Q. My dog gets colitis when she is under stress. The veterinarian prescribed medicines that help, but she can’t stay on them all of the time.
Knowing my mother’s success with coconut macaroons to ease diarrhea after cancer treatments, I thought of giving some to our dog. I didn’t want to give her cookies with sugar, so I just sprinkle unsweetened coconut (about ½ teaspoon) on her two meals a day, and all is well! She accepts it, and the diarrhea problem is kept under control.
A. Coconut has a reputation for combatting chronic diarrhea. We first heard about this remedy (two Archway brand coconut macaroon cookies daily) from Donald Agar in 1998. He suffered from diarrhea due to long-standing Crohn’s disease.
His discovery was serendipity, but there is some actual research to support his experience. A study in the Journal of Medicinal Food (December 2013) found that virgin coconut oil and its component fatty acids discourage Clostridium difficile (C. diff) overgrowth.
Another reader inquired: “I assume it’s the coconut in the macaroons that does the trick. If so, rather than buying cookies, I would like to make them myself, gluten- and dairy-free. Am I missing the point of the cookies, or will my homemade ones work just as well?”
The coconut macaroon recipe we offer in our book “Recipes and Remedies” (online at PeoplesPharmacy.com) contains no gluten or dairy.
Q. After 10 years of suffering with restless legs syndrome (RLS), requiring ever-increasing amounts of ropinirole (Requip) to sleep, I thought I was losing my mind due to lack of sleep. I spent hours pacing during the night, and usually slept in our second bedroom so that I would not disturb my wife. Even with medication, I needed to get up around 1 or 2 a.m. and work through a second episode of RLS before finally falling asleep again. Then the RLS suddenly stopped.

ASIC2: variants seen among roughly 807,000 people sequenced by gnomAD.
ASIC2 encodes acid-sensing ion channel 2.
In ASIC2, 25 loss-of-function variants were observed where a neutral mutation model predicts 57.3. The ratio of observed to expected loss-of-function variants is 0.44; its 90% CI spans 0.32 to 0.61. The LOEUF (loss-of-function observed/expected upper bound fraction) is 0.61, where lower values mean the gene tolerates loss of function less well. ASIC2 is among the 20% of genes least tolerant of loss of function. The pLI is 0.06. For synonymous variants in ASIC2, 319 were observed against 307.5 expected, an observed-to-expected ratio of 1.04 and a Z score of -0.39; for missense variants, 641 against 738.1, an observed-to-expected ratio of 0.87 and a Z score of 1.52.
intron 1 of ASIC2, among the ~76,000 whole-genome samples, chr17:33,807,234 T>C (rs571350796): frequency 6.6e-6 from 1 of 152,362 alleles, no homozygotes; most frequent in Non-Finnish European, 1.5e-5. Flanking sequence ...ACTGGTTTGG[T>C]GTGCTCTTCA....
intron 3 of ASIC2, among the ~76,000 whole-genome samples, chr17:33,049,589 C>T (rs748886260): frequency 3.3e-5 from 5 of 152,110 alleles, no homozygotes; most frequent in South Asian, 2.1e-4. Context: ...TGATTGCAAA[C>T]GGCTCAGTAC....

I told my wife that I wasn’t having the issue any longer and was puzzled by the change. Then she informed me that a co-worker suggested putting soap under the sheet. She had put a bar under our bottom sheet to see if it actually worked.
I still take my meds (because I am paranoid about not sleeping), but I need only a minimum dose. So far I’m thrilled with this bizarre solution.
A. We have heard from many people who use the soap remedy to prevent nighttime leg cramps. People with RLS also may find this remedy beneficial. We are pleased you’ve gotten such a good response.
Another reader tried a different approach, which you might want to keep in mind if you need it in the future:
“I suffered from restless leg syndrome. After hunting for remedies, I realized all the products had magnesium in them. I bought a bottle of magnesium and take one every night. I have not had any more attacks.”
Q. I have painful idiopathic neuropathy in my feet and lower legs. I vaguely recall you suggesting benfotiamine for the pain. What dose is appropriate? I would like to give it a try and see if I get any relief.
I have been using alpha-lipoic acid for years. It really hasn’t helped, so I would like to try benfotiamine instead.
A. Benfotiamine is a B vitamin that has been shown to prevent the accumulation of dangerous compounds – advanced glycation end products – that lead to diabetic neuropathy (Diabetes, Obesity and Metabolism, December 2015).
One physician who uses this approach suggests starting with a dose of 300 mg twice a day. If his patients respond, he recommends a maintenance dose of 150 mg twice a day. Benfotiamine is available without a prescription.
The People’s Pharmacy radio broadcast airs at 2 p.m. Saturdays on WBFO-FM 88.7.